plexiglass, mirrors, epoxy, resin, beam clamps, photographic print [24” x 12” x 1”]
In the summer of 2012, I was living in Tunisia – roughly a year after the revolution that kicked off the so-called “Arab Spring” of 2011. The years before and after were as tumultuous and bittersweet as the revolutions themselves, full of euphoric hope, heartbreak, and a passionate (if admittedly, somewhat delusional) belief that one day, change will come – and that freedom will one day come to the oppressed all over this world.
I took the photograph itself at the Carthage Museum, inside the space of Tunisia’s first post-revolution art exhibition – a celebration of the universal right to freedom of expression, attacked by a mob of hardline Salafi militants emboldened by transitional chaos. The assault on the art opening proved more than merely an attack on artworks themselves, but the very symbol of a free Tunisia for all citizens.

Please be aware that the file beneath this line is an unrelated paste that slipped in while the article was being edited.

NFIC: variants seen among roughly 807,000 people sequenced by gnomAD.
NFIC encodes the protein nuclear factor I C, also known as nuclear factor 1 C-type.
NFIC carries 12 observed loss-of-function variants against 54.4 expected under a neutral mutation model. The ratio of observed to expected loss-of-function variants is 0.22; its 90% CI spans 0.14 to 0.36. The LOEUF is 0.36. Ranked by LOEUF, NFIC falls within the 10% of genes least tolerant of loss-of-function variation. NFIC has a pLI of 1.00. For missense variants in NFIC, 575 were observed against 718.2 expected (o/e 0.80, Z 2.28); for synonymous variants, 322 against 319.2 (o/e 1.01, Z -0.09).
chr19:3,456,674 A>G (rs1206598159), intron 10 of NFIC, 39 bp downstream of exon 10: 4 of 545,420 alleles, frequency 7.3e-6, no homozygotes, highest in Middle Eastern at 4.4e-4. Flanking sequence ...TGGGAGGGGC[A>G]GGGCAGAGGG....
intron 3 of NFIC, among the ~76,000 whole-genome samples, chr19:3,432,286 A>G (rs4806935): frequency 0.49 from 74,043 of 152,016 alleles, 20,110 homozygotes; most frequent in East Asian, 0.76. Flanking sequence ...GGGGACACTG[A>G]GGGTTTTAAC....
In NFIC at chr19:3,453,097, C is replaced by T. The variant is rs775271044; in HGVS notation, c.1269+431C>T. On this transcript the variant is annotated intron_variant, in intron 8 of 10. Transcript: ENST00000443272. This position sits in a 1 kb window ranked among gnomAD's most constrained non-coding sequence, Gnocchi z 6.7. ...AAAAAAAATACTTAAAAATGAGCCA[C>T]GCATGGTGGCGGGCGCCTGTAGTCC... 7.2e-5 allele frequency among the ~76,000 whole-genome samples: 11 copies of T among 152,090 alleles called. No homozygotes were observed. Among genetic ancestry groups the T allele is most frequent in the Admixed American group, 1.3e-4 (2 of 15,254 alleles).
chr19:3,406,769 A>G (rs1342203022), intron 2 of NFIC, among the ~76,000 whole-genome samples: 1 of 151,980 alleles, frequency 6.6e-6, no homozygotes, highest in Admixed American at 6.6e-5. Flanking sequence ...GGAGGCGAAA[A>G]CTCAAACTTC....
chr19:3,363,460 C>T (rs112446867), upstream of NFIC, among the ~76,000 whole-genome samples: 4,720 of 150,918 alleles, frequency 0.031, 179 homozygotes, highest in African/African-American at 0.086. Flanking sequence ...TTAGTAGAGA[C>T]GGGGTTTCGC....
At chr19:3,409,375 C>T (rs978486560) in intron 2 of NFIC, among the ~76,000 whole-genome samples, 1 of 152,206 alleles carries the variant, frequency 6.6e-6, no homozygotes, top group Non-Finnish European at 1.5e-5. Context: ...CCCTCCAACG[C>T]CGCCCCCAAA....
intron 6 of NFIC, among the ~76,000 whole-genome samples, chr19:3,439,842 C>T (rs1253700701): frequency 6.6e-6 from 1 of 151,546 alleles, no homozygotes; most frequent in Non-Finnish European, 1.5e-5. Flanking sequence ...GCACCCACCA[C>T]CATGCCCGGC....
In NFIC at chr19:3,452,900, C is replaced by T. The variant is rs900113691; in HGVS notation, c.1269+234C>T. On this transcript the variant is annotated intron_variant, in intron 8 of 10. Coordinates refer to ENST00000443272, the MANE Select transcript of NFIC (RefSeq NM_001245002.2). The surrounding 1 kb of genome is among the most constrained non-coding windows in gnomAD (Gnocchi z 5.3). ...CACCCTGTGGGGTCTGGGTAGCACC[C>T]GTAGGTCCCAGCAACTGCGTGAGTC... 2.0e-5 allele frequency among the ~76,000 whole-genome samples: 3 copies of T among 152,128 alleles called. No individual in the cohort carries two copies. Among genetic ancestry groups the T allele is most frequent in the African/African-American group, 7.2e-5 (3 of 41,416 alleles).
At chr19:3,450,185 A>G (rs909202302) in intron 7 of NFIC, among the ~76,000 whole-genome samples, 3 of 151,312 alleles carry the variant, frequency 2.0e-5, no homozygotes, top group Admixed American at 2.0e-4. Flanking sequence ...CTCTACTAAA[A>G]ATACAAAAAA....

Shortly thereafter, the Tunisian government implemented a curfew; I spent many weeks contemplating the significance of the man depicted in this image: the caretaker of the Carthage Museum. His back turned to the entrance of the gallery space, the caretaker continued as if nothing was amiss, as if there would be no further consequences – or, perhaps, as if his soul knew a peace so profound that nothing plagued his mind with anxiety, or filled his heart with worry. In this moment of reflection and serenity, the caretaker is illuminated with a light I can only pray I one day understand, and eventually obtain.